Many students discouraged from career in teaching

Located in Park Hall and Wilbur Hall on the SUNY Oswego campus, the School of Education offers over 40 undergraduate and graduate programs. Photo by: Kiley Wren

The continued issue of teacher shortages has raised concerns about the future of education and why people do not want to pursue a career in teaching. 

Ever since the pandemic, there have been various reports of teacher shortages across the United States, with many schools not able to fill teaching roles or filling them with potentially questionable candidates. 

This problem didn’t just arise from the pandemic, it goes back to the amount of people actually pursuing a degree in education, which has decreased over the years. 

“There are different reasons why it is hard to recruit,” said Joanne O’Toole, the associate department chair and student teacher coordinator for education at Oswego State University. 

According to data from the National Center for Educational Statistics (NCES), 89,398 education degrees were issued for the 2020-21 year out of over 2 million college degrees issued total. 

Even the ones who did end up receiving their degree, some have changed their mind about becoming a teacher and going into the education field. 

“Teaching continues to exist as the same career as it once was for the most part,” O’Toole said. “But society and people’s choices have changed.” 

As O’Toole said, teaching has mostly stayed the same, but there have still been quite a bit of changes that have impacted schools. 

Schools across the U.S. have been faced with many devastating events over the last few decades that have threatened the safety of students and staff, like intruders and incidents involving gun violence. 

“School was always labeled as a safe place when I was in school,” said Kamali Baker, a senior education major at SUNY Oswego. “It still is labeled a safe place, but kids are really afraid of the possibility of an intruder.” 

Alongside that, low budgets, updated curriculums and a higher demand from teachers have also made things different now than what it once was. 

“There is a lot to deal with,” Baker said. “When I was in school, I don’t think my teachers had it as hard as teachers do now.” 

Before stepping into an official teaching role, it is a requirement to obtain an education degree and successfully complete student teaching, so they can be recommended to the New York State Education Department, O’Toole said.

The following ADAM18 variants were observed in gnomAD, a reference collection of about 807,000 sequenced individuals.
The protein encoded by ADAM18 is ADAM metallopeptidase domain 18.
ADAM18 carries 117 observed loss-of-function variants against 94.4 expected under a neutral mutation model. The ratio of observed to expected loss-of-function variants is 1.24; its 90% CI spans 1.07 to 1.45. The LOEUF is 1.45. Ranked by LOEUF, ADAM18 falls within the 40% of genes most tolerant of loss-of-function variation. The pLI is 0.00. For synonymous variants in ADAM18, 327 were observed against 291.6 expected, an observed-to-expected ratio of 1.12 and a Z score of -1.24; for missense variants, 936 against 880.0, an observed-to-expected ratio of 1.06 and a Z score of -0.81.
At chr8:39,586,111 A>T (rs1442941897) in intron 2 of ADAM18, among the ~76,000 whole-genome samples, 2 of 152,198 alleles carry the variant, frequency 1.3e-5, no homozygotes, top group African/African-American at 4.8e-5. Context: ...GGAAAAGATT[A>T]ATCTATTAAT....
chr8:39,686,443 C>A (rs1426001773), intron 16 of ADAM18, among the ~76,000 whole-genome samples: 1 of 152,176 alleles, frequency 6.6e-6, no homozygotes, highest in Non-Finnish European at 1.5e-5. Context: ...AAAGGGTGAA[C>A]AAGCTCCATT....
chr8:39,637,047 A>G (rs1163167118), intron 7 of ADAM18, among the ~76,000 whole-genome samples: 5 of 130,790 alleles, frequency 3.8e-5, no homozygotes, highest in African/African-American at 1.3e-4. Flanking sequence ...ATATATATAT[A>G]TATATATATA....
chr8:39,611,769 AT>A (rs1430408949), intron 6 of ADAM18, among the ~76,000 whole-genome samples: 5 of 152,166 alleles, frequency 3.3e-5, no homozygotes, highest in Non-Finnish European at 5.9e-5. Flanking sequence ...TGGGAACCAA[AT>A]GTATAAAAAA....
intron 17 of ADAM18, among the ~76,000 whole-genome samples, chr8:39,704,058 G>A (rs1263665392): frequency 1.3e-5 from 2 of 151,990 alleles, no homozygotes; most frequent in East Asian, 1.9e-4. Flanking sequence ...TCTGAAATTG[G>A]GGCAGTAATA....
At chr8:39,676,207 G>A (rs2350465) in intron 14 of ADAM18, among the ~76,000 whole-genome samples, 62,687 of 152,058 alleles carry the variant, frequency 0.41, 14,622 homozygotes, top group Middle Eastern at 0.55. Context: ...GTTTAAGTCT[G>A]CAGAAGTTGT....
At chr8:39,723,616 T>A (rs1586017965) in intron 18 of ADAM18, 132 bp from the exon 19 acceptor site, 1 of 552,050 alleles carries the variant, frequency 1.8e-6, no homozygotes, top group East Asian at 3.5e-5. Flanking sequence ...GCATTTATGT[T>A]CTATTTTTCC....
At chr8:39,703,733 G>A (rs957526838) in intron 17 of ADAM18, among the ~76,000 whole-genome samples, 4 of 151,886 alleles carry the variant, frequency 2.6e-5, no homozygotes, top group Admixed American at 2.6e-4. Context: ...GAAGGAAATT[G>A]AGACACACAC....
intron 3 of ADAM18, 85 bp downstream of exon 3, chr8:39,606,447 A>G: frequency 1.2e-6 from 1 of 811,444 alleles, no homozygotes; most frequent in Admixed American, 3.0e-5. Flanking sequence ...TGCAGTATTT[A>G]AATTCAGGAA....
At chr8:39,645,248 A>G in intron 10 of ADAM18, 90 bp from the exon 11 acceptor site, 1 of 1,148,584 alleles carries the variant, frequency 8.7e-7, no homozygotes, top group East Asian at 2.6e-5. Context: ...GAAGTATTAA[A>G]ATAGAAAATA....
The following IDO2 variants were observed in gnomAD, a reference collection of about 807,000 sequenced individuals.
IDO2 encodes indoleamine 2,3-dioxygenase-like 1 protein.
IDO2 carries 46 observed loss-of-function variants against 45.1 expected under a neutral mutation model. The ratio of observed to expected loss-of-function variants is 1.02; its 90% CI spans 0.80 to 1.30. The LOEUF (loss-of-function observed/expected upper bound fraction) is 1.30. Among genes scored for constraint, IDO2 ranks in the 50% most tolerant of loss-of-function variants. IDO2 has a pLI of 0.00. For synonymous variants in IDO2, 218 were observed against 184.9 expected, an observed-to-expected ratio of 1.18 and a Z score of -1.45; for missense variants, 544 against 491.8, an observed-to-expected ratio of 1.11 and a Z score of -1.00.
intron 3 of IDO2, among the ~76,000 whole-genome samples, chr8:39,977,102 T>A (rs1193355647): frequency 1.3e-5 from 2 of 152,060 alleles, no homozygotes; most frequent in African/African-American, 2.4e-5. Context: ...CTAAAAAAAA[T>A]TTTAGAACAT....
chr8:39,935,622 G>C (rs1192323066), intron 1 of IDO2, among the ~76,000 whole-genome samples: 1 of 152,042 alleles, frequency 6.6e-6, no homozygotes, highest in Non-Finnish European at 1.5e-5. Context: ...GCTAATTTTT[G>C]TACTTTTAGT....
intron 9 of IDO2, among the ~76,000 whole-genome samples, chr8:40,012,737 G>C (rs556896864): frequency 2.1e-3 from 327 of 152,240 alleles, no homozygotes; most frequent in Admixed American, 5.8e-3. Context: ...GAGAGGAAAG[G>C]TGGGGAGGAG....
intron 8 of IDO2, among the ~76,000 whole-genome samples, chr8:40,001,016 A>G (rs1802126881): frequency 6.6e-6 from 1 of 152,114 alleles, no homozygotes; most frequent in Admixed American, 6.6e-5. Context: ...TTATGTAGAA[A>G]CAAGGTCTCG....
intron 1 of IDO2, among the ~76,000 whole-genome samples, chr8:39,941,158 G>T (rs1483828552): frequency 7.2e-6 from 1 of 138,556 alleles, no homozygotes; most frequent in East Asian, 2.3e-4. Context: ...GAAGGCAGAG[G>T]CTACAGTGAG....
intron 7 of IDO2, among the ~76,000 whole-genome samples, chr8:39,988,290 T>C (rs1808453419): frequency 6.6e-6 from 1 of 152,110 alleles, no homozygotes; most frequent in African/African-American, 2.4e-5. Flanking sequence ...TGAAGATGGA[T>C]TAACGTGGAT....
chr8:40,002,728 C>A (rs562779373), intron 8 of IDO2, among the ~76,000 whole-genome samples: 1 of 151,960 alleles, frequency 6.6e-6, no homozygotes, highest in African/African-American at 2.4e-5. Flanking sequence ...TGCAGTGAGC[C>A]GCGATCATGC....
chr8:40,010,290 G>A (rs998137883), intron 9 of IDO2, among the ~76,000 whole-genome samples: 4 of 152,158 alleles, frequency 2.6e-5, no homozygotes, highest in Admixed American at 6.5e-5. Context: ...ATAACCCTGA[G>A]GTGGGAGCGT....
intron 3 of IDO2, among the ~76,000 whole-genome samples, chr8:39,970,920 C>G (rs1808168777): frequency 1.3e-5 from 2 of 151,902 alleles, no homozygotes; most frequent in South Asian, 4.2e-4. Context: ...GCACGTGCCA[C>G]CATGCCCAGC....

Student teaching is essentially a professional preparation program, O’Toole also said. 

“Right now it feels as though I am in the job and actually teaching,” Baker said, who is a student teacher in a second grade classroom. 

Since it is such a real world experience, it can be hard to come to terms with the fact that they are basically no longer students for some people, Baker said. 

SUNY Oswego education major Lindsey Joseph is currently in the adolescence education program at Oswego and is also a student teacher for a 7th grade classroom.  Joseph said although she loves it, it is also a lot of work for her being essentially a real teacher but also a student still. 

“The name student teaching communicates that they are indeed enacting two roles,” O’Toole said. “They are full-time students at the university while simultaneously being a full-time teacher.” 

The amount of hours and work put in for student teaching, something that is so foreign to students just beginning, can be overwhelming for some. 

“For some of us, this is a lot,” Joseph said. “Because we are there for hours and we are getting an experience, but we also have to arrange our schedule so we can accommodate for student teaching since it is a requirement to graduate.” 

Not only that, the teaching in itself can be quite the challenge for some students as well. 

“Teaching can look very easy from the outside, but it is very complex and it takes time,” O’Toole said. 

The difficulties that one faces during their student teaching experience and as an actual teacher can make the role seem off putting for some, causing them to steer away from teaching.

“If your heart is really into it then you will continue with it,” Joseph said. “If it is discouraging you, it’s because you don’t want to do it as much.” 

O’Toole said no matter what, there are always going to be some sort of barriers in becoming and being a teacher. 

“If you have a passion for it you are gonna do it,” Baker said. “It can be discouraging for some people, but if it’s really what you wanna do you are just going to do it.”